Increasing resilience of urban development on Texas barrier islands
Taylor, Eleonor Barraza
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The purpose of the dissertation was to develop information, at a local scale, that can be incorporated into a spatial planning process to increase the resilience of urban development on Mustang and North Padre Islands, Texas. About 12% of U.S. barrier islands are completely urbanized, and 36% are heavily developed. This development trend is exposing more people, property, and infrastructure to coastal hazards. Therefore, coastal communities must plan for resiliency to remain functional and prosperous after a storm strikes or environmental conditions change. Each chapter presents an element of the spatial planning process, including the following: a geohazards map, an ecosystem services valuation, and a land-use policy analysis. The geohazards map describes the effect of ongoing geologic processes and future evolution of a barrier island as a geomorphic system in response to relative sea-level rise (RSLR). The assessment and monetary valuation of the storm protection provided by beaches and foredunes informs decision-making regarding beach-dune management alternatives and supports their preservation. Land-use policies are analyzed and recommendations made to preserve current and future critical environments and guide future urban growth towards safer and more stable areas. Results of the study show that RSLR could cause 50% of the study area to change by 2072. About 55% of the assessed beach-foredune areas provide overwash protection against at least a 100-year storm. Beaches and foredunes cover 6.9 sq. km; however, they save an estimated $141.4 million/year (2013 USD) in storm protection expenditures. It was found that 26% of the study area can accommodate higher density development, 23% should be left undeveloped or planned for lower density development, and 51% includes public spaces and preservation areas. Current state and federal regulations offer only limited protection to present and future locations of critical environments, with beaches and dunes receiving the most protection compared to bay-margin wetlands. A transfer of development rights program may be a sensible land-use policy for addressing the realities of a dynamic coastal environment and balancing private and public interests. While coastal vulnerability continues to increase, this dissertation provides actionable information and a process to follow for increasing the resilience of human activities on barrier islands.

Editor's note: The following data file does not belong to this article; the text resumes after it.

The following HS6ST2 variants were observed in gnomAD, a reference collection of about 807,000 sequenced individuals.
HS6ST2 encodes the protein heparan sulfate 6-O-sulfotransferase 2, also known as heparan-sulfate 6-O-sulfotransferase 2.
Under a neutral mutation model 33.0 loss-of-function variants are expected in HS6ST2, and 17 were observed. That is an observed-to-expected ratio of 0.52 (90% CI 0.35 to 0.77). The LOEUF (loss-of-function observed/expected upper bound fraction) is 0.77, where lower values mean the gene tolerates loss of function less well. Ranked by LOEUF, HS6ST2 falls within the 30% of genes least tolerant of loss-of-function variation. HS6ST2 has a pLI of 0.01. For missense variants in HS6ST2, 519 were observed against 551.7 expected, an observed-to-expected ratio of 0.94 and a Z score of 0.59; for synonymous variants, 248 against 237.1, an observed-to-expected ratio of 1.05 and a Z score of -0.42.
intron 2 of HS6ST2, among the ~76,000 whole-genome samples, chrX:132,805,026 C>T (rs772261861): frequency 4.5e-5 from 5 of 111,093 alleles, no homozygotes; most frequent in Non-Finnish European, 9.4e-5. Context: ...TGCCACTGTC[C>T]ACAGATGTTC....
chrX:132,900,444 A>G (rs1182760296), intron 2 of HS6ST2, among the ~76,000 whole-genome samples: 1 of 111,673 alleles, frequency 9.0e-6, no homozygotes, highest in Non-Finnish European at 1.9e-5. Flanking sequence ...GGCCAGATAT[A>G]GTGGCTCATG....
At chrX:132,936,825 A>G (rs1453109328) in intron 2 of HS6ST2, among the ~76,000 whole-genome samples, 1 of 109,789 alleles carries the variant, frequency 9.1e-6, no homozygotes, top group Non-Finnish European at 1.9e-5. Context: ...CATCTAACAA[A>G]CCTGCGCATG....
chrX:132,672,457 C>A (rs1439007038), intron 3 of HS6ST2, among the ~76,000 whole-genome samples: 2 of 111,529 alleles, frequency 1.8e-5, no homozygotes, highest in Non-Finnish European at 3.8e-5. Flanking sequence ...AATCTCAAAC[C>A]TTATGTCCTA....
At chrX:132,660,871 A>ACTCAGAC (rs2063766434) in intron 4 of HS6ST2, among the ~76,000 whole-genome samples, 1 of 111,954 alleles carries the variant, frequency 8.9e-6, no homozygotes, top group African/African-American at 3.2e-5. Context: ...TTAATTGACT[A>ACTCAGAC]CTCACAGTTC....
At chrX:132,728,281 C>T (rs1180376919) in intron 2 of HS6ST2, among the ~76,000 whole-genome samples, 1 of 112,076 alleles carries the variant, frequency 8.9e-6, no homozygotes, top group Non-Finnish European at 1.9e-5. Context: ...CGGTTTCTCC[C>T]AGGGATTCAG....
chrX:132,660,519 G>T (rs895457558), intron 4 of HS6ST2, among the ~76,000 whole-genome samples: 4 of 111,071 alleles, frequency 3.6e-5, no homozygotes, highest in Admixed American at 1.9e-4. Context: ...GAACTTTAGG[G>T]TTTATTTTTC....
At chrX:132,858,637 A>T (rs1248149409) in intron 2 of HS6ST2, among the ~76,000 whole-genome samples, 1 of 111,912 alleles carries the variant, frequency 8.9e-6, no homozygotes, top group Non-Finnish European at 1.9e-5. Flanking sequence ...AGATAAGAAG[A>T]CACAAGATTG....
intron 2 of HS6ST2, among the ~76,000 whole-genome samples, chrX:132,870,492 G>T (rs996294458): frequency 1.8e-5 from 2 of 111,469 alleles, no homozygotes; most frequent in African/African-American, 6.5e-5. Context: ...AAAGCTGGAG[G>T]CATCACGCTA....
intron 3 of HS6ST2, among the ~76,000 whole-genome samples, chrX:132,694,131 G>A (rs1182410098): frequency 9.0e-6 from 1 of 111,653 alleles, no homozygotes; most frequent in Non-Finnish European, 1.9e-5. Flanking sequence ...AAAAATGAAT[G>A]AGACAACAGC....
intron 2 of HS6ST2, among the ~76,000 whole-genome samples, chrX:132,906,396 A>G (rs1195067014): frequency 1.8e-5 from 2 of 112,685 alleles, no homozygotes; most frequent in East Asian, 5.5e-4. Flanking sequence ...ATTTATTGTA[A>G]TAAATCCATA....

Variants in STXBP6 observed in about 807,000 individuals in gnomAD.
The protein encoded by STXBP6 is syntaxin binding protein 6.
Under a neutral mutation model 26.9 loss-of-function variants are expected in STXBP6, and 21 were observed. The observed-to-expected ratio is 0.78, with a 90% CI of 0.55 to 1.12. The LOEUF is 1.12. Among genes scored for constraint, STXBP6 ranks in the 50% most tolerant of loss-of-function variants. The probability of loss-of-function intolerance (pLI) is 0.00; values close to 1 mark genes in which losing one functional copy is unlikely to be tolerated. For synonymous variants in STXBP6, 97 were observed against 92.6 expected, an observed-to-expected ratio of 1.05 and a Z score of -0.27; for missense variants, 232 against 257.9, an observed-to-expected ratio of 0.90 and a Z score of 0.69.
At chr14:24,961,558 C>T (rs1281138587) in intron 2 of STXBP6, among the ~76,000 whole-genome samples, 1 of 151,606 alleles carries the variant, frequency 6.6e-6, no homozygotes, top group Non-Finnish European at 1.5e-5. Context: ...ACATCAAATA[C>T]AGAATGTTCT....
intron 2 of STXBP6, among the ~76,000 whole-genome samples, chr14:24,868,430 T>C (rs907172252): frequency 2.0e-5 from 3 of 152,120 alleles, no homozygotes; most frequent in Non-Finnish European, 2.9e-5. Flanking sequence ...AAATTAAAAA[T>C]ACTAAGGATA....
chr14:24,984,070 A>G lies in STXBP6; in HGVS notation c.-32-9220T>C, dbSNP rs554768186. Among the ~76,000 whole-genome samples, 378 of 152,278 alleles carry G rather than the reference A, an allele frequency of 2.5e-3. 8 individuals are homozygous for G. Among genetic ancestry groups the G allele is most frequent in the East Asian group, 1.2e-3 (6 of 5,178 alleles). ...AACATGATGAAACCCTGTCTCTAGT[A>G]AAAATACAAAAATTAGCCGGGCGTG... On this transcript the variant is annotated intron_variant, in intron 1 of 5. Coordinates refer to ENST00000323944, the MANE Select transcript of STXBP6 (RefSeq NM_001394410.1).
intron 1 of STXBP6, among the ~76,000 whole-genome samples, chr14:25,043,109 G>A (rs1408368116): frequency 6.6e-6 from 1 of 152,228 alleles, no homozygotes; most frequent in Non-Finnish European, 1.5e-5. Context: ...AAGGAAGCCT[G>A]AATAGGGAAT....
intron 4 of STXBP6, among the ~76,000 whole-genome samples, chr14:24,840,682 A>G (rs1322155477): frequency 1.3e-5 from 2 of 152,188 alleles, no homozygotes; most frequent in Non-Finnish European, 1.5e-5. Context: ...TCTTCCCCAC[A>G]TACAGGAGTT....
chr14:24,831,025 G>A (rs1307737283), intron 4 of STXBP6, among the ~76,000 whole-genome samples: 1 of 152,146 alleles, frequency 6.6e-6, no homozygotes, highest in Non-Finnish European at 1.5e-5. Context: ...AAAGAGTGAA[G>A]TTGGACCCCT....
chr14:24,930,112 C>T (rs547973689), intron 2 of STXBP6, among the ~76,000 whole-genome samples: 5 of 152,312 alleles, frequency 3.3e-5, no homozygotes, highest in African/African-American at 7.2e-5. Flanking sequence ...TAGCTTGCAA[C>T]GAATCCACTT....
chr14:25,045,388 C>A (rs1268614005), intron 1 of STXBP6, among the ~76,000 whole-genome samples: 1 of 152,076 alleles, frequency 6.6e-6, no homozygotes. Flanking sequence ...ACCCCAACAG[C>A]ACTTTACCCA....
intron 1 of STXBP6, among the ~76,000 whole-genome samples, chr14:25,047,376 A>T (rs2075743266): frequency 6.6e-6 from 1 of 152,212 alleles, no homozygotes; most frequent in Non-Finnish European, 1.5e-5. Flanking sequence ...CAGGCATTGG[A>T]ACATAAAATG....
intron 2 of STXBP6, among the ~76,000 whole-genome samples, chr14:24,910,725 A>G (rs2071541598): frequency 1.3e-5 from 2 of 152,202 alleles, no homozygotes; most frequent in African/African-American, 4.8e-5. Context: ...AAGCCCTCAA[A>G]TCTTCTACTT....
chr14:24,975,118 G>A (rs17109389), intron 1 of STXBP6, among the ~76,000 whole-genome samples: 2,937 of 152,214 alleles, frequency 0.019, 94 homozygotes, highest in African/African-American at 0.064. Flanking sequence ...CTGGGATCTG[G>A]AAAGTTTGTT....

Submitted in Partial Fulfillment of the Requirements for the Degree of Doctor of Philosophy.